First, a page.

Ottawa's two biggest school boards say they will go ahead with virtual graduation ceremonies, just days after Premier Doug Ford expressed his desire that students of all ages attend in-person, outdoor events to celebrate the end of the school year.
Ford announced Wednesday that schools in the province would remain closed until September, but also promised his government was working with school boards to safely hold outdoor end-of-year ceremonies.
The Ottawa-Carleton District School Board (OCDSB) and the Ottawa Catholic School Board (OCSB), however, both say that won't be happening.
"At this point, we do not see it as feasible to have 200-300 students outdoors for a graduation ceremony," the OCSB said in a statement.
"Even during non-pandemic years, we don't go with that option due to the logistics involved with chairs, stages, AV equipment, etc. and the fact that in a school year, we don't have the luxury of alternative rain dates."
The Catholic board said it plans to hold a virtual ceremony, and then allow students to come to school to take photos and get their diploma while wearing their cap and gown.
In a letter Friday to parents, the OCDSB said it would proceed with virtual commencement ceremonies as planned.
"The OCDSB will also be examining opportunities for a safe in-person element," the public board wrote.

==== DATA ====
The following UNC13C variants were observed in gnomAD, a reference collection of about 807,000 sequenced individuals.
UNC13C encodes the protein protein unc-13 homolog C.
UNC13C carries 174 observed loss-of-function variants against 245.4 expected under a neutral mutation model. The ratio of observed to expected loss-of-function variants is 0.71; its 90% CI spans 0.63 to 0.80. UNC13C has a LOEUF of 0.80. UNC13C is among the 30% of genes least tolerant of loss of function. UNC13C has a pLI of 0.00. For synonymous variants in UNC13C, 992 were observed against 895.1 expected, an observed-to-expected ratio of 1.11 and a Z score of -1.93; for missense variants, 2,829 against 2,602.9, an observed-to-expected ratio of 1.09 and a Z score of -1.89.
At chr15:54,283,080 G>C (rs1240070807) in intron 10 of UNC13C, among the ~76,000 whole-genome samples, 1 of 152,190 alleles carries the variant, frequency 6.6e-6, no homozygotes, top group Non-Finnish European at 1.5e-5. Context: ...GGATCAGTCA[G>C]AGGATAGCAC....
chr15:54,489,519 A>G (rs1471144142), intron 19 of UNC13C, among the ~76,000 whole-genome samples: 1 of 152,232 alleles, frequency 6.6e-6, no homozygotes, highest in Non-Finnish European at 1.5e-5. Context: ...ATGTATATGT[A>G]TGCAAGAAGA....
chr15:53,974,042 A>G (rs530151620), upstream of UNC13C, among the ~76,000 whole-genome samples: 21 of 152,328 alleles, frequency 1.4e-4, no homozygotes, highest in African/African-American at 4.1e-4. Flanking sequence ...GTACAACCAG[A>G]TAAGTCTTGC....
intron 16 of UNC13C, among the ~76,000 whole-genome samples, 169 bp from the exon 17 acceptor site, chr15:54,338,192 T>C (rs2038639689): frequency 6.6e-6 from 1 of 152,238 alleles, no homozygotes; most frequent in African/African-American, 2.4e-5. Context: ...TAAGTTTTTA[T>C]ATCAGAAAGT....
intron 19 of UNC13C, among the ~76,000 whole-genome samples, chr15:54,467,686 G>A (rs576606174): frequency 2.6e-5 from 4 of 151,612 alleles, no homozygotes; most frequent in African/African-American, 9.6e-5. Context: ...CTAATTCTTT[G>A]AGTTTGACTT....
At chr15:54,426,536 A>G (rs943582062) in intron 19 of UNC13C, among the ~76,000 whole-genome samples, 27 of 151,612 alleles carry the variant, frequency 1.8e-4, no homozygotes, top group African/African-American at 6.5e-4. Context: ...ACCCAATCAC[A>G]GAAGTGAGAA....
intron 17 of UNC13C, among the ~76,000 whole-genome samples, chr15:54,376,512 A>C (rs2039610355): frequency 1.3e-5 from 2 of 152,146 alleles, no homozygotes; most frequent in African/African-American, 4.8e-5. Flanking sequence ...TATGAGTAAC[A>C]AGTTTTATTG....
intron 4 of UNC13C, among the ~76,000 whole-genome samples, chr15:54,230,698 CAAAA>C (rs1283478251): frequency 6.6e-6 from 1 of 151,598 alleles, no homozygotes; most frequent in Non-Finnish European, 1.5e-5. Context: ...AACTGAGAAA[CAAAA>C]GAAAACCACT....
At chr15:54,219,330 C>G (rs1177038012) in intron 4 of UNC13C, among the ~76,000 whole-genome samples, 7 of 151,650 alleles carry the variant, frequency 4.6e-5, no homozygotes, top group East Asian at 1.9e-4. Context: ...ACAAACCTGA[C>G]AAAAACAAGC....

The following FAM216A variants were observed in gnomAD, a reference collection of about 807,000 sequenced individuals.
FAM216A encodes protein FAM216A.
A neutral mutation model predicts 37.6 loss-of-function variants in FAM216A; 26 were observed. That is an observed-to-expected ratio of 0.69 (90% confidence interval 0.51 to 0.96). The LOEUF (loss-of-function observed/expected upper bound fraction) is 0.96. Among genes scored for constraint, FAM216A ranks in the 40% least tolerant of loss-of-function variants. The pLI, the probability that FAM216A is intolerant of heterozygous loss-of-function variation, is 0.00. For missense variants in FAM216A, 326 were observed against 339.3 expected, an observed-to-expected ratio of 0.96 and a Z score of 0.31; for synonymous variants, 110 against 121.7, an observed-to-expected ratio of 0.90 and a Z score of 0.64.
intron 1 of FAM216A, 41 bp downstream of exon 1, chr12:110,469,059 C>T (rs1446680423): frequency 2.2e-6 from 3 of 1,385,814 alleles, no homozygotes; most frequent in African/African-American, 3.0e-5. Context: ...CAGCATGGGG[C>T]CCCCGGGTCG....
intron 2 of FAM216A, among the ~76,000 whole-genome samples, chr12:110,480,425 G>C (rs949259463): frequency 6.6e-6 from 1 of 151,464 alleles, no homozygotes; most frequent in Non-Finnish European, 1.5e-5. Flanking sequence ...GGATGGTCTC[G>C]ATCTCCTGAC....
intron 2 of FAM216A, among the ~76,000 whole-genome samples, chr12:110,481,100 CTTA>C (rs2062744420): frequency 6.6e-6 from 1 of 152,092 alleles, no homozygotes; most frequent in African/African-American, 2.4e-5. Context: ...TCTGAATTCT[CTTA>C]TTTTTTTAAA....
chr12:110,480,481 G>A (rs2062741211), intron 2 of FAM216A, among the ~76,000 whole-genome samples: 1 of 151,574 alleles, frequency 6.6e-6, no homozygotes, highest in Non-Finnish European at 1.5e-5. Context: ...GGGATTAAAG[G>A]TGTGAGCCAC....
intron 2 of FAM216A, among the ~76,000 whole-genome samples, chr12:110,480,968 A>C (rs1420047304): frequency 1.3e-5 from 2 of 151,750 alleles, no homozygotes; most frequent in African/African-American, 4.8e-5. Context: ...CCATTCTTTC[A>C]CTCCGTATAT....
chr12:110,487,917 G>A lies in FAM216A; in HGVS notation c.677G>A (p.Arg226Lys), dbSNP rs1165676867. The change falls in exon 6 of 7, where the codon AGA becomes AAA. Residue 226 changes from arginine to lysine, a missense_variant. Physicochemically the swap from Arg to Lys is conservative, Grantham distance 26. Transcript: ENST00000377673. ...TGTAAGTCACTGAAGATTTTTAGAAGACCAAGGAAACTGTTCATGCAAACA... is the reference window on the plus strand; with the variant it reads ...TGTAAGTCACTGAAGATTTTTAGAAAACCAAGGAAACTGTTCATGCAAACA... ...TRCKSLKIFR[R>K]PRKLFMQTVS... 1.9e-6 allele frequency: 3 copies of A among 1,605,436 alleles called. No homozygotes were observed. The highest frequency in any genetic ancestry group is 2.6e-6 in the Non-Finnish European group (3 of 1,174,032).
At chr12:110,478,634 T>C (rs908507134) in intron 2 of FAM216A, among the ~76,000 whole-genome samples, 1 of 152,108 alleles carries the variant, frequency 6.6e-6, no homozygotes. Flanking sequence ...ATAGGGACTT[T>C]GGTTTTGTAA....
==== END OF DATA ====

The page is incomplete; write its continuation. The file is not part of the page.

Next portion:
Students devastated, Ford disappointed
The school boards' decisions left Ottawa students like Adna Osman feeling let down.
"This year we didn't really have anything. We didn't have any of the stuff that we thought we would be having," said Osman, a Grade 12 student graduating from Earl of March Secondary School in Kanata. "So it did feel like, OK, this is the light at the end of the tunnel, to be able to have our graduation."
"It's just really unfortunate."
Christopher Watchcorn, a parent with two children graduating this year, said his 12-year-old daughter — who's graduating from Grade 6 at Elmdale Public School in Nepean — was particularly devastated by the news.
Watchcorn said she was selected as valedictorian of her class and was "[over]-the-moon excited" about the prospect of an in-person graduation event.
"Then a couple of days later, when OCDSB said they weren't able to accommodate any of these in-person ceremonies, that just became a devastating event to her," Watchcorn said.
"She had lost ... that opportunity to graduate and see her friends and get up and talk in front of her class."
Watchcorn said he is upset the premier didn't co-ordinate with the school board before announcing his desire for in-person events.
'Think outside the box'
Outdoor gatherings of people who don't live in the same household are currently limited to five in Ontario.
When the province initiates the first step of its reopening plan — expected during the week of June 14 or sooner — that will increase to 10. Weddings, funerals, religious and other ceremonies will be allowed to go ahead, but with capacity limited to permit physical distancing.
The premier's office said on Friday the government plans to make regulatory changes to allow school boards to hold large outdoor events and is "extremely disappointed" that some are passing on the option.
"With weeks left to plan, there is no reason that in a year like no other, school boards can't think outside the box and do all they can to safely give Ontario students the send-off they rightfully deserve," Ford's office said in a statement.